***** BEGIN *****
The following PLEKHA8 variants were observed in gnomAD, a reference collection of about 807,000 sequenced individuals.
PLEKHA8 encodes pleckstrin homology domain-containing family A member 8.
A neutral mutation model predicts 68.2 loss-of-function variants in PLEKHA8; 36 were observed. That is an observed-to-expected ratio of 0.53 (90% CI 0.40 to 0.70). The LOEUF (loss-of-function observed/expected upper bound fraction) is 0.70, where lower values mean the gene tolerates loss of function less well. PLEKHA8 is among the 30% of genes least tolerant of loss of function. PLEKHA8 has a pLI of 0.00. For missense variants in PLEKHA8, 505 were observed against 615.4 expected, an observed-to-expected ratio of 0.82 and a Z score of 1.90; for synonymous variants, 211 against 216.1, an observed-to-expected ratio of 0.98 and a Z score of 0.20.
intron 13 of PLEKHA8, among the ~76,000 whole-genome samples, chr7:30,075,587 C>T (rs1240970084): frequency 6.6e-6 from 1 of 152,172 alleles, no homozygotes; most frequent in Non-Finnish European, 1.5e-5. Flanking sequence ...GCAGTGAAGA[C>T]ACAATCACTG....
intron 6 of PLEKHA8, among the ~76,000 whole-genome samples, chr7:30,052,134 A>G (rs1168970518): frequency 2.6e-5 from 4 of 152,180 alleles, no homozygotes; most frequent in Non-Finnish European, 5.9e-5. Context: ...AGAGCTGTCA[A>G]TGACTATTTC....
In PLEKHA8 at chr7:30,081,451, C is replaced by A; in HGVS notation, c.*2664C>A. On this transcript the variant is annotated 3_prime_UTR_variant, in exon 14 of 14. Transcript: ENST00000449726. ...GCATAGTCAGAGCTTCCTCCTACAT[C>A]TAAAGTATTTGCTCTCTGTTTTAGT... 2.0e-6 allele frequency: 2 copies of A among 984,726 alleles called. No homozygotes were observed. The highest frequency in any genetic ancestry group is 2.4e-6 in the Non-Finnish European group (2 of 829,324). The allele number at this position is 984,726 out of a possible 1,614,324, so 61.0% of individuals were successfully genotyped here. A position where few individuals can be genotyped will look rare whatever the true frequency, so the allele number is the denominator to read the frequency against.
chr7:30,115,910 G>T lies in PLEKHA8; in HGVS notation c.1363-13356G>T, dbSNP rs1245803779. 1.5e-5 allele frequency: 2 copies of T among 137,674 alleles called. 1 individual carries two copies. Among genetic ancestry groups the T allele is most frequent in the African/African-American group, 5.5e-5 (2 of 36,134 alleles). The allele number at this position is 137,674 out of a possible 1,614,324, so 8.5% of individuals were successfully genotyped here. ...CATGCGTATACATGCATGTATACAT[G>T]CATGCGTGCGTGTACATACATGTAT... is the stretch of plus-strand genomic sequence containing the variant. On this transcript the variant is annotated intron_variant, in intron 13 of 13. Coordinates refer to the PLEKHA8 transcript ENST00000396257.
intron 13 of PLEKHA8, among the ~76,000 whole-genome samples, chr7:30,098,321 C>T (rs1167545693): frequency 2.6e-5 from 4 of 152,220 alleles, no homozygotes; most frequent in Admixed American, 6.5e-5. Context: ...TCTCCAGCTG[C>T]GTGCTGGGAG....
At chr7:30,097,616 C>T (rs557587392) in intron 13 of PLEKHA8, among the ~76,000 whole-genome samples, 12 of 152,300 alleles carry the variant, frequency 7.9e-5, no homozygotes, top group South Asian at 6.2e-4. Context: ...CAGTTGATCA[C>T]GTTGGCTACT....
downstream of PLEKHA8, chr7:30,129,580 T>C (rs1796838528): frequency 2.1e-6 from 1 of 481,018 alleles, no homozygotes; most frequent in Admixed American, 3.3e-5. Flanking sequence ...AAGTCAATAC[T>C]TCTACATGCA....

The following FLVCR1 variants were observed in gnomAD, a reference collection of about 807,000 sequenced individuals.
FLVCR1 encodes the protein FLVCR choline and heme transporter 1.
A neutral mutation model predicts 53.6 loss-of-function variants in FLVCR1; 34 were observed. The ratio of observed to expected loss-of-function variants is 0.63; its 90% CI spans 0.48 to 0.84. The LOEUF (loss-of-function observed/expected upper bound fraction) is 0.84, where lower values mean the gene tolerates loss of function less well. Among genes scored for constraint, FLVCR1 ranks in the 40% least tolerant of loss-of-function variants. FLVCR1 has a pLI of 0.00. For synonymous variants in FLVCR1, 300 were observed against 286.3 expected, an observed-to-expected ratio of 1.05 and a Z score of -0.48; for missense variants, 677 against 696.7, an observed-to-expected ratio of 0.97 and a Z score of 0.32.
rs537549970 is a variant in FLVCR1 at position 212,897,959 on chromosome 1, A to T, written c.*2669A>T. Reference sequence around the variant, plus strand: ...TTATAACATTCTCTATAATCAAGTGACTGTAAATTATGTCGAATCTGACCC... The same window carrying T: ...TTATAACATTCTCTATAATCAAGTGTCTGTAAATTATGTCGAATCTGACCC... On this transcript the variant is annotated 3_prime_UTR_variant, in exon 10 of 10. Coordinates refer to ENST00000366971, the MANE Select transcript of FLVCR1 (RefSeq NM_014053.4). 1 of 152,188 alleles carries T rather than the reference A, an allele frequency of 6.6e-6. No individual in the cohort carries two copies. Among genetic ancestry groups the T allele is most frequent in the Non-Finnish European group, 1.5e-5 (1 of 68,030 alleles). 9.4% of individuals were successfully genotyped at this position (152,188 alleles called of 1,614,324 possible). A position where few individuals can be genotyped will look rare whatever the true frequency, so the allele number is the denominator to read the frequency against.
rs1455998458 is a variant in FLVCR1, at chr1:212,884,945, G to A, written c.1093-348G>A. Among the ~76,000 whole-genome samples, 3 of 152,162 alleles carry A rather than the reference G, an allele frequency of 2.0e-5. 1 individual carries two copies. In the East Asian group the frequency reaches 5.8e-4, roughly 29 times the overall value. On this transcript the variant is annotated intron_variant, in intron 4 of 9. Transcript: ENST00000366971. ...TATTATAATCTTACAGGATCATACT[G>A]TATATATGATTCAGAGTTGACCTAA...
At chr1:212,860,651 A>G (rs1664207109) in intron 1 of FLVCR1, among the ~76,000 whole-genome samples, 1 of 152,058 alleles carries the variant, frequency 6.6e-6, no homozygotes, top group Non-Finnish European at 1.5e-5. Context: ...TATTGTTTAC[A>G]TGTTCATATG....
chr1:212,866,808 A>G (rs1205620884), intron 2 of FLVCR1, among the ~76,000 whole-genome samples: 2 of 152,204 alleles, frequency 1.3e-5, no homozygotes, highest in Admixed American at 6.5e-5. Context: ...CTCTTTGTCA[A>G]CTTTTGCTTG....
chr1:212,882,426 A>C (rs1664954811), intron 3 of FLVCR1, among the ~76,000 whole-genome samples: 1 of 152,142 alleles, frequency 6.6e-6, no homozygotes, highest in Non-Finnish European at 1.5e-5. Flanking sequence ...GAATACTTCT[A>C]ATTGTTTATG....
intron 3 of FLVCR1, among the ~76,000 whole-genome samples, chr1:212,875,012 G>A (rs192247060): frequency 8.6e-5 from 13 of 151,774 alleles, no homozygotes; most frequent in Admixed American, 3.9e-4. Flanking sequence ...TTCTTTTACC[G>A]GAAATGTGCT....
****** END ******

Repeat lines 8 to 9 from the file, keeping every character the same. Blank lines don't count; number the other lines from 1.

intron 13 of PLEKHA8, among the ~76,000 whole-genome samples, chr7:30,098,321 C>T (rs1167545693): frequency 2.6e-5 from 4 of 152,220 alleles, no homozygotes; most frequent in Admixed American, 6.5e-5. Context: ...TCTCCAGCTG[C>T]GTGCTGGGAG....
At chr7:30,097,616 C>T (rs557587392) in intron 13 of PLEKHA8, among the ~76,000 whole-genome samples, 12 of 152,300 alleles carry the variant, frequency 7.9e-5, no homozygotes, top group South Asian at 6.2e-4. Context: ...CAGTTGATCA[C>T]GTTGGCTACT....